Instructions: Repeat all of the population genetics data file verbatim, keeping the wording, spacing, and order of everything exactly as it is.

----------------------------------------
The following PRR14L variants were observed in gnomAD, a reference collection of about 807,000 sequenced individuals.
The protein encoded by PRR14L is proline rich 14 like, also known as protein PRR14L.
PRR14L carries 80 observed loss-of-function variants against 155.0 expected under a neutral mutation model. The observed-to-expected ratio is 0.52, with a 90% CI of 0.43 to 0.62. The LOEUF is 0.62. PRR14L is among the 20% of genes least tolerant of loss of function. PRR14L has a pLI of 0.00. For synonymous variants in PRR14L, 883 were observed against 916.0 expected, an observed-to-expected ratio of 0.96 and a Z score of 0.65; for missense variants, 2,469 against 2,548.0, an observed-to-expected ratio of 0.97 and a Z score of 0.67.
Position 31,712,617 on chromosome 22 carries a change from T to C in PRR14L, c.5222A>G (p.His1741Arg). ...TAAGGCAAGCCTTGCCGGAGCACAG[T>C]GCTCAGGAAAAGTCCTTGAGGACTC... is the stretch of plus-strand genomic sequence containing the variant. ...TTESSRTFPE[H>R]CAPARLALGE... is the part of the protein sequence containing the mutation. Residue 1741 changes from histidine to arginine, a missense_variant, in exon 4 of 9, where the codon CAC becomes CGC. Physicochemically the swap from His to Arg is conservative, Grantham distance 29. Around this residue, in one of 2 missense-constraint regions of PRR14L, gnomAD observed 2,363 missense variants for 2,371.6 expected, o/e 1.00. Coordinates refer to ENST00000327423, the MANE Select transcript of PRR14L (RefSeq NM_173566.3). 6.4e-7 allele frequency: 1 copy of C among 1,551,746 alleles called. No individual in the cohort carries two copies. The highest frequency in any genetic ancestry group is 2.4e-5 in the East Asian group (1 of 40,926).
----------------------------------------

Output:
The following PRR14L variants were observed in gnomAD, a reference collection of about 807,000 sequenced individuals.
The protein encoded by PRR14L is proline rich 14 like, also known as protein PRR14L.
PRR14L carries 80 observed loss-of-function variants against 155.0 expected under a neutral mutation model. The observed-to-expected ratio is 0.52, with a 90% CI of 0.43 to 0.62. The LOEUF is 0.62. PRR14L is among the 20% of genes least tolerant of loss of function. PRR14L has a pLI of 0.00. For synonymous variants in PRR14L, 883 were observed against 916.0 expected, an observed-to-expected ratio of 0.96 and a Z score of 0.65; for missense variants, 2,469 against 2,548.0, an observed-to-expected ratio of 0.97 and a Z score of 0.67.
Position 31,712,617 on chromosome 22 carries a change from T to C in PRR14L, c.5222A>G (p.His1741Arg). ...TAAGGCAAGCCTTGCCGGAGCACAG[T>C]GCTCAGGAAAAGTCCTTGAGGACTC... is the stretch of plus-strand genomic sequence containing the variant. ...TTESSRTFPE[H>R]CAPARLALGE... is the part of the protein sequence containing the mutation. Residue 1741 changes from histidine to arginine, a missense_variant, in exon 4 of 9, where the codon CAC becomes CGC. Physicochemically the swap from His to Arg is conservative, Grantham distance 29. Around this residue, in one of 2 missense-constraint regions of PRR14L, gnomAD observed 2,363 missense variants for 2,371.6 expected, o/e 1.00. Coordinates refer to ENST00000327423, the MANE Select transcript of PRR14L (RefSeq NM_173566.3). 6.4e-7 allele frequency: 1 copy of C among 1,551,746 alleles called. No individual in the cohort carries two copies. The highest frequency in any genetic ancestry group is 2.4e-5 in the East Asian group (1 of 40,926).